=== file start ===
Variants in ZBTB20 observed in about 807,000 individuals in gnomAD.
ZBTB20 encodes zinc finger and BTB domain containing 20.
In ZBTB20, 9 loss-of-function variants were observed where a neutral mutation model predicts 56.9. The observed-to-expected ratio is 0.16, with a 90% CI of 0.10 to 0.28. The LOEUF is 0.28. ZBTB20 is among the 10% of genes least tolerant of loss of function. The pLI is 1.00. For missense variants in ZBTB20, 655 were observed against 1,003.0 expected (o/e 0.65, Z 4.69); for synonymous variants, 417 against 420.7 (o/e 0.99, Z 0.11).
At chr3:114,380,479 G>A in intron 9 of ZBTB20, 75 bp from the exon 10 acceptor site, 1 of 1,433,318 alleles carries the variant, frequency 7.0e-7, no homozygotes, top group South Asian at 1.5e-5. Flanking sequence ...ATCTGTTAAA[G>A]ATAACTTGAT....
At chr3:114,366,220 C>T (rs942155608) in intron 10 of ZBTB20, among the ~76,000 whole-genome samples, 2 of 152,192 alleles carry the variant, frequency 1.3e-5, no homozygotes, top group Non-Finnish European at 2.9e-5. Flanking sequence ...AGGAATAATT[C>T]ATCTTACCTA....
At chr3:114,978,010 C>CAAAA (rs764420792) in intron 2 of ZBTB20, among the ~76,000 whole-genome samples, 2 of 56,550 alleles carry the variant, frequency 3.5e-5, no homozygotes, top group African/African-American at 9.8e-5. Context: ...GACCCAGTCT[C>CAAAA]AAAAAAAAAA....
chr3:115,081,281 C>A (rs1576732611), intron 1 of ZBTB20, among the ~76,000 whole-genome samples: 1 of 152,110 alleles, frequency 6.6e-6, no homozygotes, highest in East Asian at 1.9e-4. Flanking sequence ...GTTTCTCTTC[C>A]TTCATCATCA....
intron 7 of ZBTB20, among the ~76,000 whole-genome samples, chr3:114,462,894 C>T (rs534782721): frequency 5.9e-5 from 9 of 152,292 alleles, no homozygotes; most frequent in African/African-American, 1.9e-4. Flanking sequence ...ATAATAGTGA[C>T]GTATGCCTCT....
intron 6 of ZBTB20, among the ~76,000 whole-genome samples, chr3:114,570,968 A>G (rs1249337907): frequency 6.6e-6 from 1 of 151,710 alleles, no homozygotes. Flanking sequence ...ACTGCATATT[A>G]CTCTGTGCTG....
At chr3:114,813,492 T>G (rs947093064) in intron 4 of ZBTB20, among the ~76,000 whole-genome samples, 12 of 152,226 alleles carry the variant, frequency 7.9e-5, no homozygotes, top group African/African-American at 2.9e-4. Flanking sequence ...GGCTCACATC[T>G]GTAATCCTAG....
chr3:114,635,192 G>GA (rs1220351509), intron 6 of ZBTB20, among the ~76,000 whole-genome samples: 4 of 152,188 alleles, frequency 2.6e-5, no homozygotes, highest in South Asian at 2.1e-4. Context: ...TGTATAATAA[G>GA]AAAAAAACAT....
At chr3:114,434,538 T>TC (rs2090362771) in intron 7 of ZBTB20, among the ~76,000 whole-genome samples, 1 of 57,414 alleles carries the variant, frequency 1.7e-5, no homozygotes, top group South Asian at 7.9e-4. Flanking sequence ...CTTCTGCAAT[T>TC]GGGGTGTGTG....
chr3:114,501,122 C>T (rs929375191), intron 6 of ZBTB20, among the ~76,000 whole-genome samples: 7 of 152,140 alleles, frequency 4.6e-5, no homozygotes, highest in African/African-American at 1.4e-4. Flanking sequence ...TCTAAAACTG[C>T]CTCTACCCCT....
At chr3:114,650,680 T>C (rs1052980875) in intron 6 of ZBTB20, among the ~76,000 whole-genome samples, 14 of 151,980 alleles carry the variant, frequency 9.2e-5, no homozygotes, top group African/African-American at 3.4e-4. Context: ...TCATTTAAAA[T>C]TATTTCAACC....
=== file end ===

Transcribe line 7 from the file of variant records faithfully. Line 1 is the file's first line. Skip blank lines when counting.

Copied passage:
chr3:115,081,281 C>A (rs1576732611), intron 1 of ZBTB20, among the ~76,000 whole-genome samples: 1 of 152,110 alleles, frequency 6.6e-6, no homozygotes, highest in East Asian at 1.9e-4. Flanking sequence ...GTTTCTCTTC[C>A]TTCATCATCA....